What do you think is key for finding a successful work-life balance?

The key to a successful work life balance is setting personal boundaries and sticking to them.

At Avamore, I have always felt that everyone is very respectful of one another’s time.

Of course, there are instances where we all have to work late or do the odd few bits on the weekend to get ahead but that’s more for me and my own management rather than through obligation.

I tend to make sure I switch off in the evenings and try not to look at my phone too much past a certain point.

What’s one key leadership lesson you’ve learned along the way?

A key leadership lesson I have learnt along the way is that it’s ok to not know everything.

There have been lots of instances where I have put my hands up to say I don’t know that answer and that I need help from someone else.

As a leader, I think it’s important to be open and honest, it’s going to help everyone at the end of the day.

What advice do you have for women aiming for leadership positions?

I’ve been with Avamore since it was 7 people and it’s now at a team of 20.

As I’ve grown with the company, I’ve not had to consider how my path might differ.

I suppose my advice would always be to be as open and honest as possible about what it is you want long term.

You can demonstrate your commitment through work but sometimes you do need to have the conversation with management to say that you would like something more.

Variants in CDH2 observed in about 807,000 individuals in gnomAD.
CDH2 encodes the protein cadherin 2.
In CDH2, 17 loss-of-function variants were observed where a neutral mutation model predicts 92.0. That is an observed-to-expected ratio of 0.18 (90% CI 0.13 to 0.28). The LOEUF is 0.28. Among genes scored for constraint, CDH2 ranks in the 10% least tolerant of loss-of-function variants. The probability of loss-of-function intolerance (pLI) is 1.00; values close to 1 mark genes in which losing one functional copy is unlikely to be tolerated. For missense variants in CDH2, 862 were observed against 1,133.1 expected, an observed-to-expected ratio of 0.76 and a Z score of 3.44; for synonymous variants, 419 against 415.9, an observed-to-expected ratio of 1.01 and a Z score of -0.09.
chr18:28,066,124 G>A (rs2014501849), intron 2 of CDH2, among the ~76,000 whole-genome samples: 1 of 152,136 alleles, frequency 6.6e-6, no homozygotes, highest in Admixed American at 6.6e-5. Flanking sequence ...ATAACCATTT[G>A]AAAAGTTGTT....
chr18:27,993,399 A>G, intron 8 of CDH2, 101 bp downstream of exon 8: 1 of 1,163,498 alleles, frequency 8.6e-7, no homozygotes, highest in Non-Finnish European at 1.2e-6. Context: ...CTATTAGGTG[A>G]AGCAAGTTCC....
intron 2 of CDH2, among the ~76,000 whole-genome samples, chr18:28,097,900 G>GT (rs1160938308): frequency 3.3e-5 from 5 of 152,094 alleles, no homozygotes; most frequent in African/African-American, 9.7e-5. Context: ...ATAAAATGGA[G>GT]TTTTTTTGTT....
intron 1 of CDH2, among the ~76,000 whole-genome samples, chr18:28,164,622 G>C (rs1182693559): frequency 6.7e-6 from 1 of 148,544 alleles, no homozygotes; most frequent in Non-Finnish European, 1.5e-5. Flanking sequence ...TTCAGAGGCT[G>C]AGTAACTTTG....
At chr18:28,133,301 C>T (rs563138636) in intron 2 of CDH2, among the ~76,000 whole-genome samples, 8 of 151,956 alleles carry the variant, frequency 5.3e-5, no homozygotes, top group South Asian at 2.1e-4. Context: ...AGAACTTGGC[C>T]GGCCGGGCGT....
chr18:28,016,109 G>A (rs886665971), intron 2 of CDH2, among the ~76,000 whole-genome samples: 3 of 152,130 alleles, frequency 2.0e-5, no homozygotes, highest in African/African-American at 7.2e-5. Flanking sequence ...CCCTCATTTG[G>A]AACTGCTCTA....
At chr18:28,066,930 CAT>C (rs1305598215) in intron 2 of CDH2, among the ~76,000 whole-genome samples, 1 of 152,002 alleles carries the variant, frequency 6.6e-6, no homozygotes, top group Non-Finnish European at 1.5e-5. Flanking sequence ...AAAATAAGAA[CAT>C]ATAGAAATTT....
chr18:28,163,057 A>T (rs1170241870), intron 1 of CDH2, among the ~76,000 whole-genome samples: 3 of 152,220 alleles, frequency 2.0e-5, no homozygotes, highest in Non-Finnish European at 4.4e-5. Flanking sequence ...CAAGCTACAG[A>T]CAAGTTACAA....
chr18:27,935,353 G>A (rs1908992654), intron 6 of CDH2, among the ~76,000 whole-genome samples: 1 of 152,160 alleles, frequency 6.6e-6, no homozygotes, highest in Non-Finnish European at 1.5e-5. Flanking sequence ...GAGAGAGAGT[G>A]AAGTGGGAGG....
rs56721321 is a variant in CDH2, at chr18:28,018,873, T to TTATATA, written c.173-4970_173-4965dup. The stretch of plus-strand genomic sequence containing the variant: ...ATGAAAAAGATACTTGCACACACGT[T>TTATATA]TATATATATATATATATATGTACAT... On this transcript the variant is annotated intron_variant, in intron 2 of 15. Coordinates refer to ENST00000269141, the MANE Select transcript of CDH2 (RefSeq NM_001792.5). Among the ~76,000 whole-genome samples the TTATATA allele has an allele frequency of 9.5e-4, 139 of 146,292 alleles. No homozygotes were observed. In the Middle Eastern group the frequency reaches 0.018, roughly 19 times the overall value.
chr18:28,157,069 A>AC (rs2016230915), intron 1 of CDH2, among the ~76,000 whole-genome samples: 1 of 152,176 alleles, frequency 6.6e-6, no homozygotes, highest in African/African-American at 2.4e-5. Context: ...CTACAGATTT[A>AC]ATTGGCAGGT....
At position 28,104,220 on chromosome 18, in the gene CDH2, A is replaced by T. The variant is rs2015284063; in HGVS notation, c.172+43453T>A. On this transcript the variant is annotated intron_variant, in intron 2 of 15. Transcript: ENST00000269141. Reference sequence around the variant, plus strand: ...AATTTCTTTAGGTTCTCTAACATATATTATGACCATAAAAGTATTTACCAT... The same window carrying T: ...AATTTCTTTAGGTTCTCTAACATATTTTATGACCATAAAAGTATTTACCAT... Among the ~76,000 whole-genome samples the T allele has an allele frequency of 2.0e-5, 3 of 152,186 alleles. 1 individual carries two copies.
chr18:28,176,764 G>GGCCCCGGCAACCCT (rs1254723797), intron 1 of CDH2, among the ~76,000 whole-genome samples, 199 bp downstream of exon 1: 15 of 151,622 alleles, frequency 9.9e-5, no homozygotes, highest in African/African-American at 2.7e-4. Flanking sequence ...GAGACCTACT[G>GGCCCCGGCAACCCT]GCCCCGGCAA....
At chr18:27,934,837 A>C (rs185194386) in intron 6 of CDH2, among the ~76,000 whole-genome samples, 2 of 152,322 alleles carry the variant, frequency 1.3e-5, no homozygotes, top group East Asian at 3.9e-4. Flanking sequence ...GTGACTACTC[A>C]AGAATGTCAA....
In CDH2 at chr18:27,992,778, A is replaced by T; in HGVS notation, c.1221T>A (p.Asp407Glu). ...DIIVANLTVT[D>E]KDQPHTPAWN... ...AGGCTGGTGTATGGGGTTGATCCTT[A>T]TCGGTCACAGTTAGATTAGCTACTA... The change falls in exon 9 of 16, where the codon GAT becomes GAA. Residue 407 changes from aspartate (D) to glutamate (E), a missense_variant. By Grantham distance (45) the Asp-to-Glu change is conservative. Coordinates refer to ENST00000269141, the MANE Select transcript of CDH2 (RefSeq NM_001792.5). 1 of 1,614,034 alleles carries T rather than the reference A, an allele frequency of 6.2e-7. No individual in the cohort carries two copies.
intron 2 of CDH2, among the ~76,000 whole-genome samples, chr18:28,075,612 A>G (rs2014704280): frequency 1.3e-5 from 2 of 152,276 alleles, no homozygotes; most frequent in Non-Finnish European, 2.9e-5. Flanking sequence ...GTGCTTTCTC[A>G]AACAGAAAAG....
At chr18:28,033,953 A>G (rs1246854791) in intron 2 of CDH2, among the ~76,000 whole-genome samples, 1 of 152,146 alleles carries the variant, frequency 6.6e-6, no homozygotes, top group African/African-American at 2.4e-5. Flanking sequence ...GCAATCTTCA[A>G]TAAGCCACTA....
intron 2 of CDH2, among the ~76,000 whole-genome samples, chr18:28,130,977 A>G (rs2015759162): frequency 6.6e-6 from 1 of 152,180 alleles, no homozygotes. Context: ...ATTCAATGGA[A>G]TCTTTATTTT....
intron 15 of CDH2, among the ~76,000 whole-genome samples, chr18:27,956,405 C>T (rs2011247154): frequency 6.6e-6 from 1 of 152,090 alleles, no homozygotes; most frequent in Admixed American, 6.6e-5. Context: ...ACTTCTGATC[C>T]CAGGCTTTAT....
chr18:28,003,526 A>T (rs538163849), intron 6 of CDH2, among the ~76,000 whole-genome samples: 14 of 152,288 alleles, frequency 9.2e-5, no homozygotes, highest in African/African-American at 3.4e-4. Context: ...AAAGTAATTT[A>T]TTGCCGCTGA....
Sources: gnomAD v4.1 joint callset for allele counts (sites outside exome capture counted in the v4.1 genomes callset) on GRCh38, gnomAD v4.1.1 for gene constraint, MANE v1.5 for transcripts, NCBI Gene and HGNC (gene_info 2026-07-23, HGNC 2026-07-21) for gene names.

What do you think is holding women back?

There is a noticeable gender imbalance between men and women in our industry and I think it’s going to be a collective effort to fix that; in my view, there is a key point around accessibility.

Something that would be beneficial is for the industry to find ways to educate more people from a younger age about the opportunities available in our space, for women and men.

The roles that you can do in the specialist finance sector are so varied that there is absolutely something for everyone regardless of gender, age or personality type.

Do you think there is still a glass ceiling?

I can only speak from personal experience. At Avamore, I am the first person to be promoted into a VP position (Phil, Head of Underwriting was hired in as a VP in 2019).

Avamore is full of talented people and we are rewarded on hard work; I am proud of the fact that I get to hold a position of seniority in a company that I really care about and amongst my peers who I really respect.

What are your thoughts on the Women in Finance Charter? 

From personal experience, I have to admit that I do not know enough about it.

In general any steps to create better equality in an industry need to be clear and tangible.

We need to be actively doing things to make a change. For me, that’s about building equal footing for men and women to learn from one another.

How do we encourage more women into financial services? 

As I mentioned previously, I think this is an education piece.

The industry could be targeting people at a younger age to show them the opportunities in our space and also, dispel stereotypical myths.

Something that could help is working with recruiters to attract people outside of the sector with similar skill sets; this might help improve the imbalance.

The gender pay gap is only second worst to the construction industry. What can organisations do to address this?

I think that transparency is a way to even out the gender pay gap.

I imagine that if firms had to publish their staff’s earnings to the team, fewer would be comfortable admitting that men are being paid significantly more than women despite being in the same position.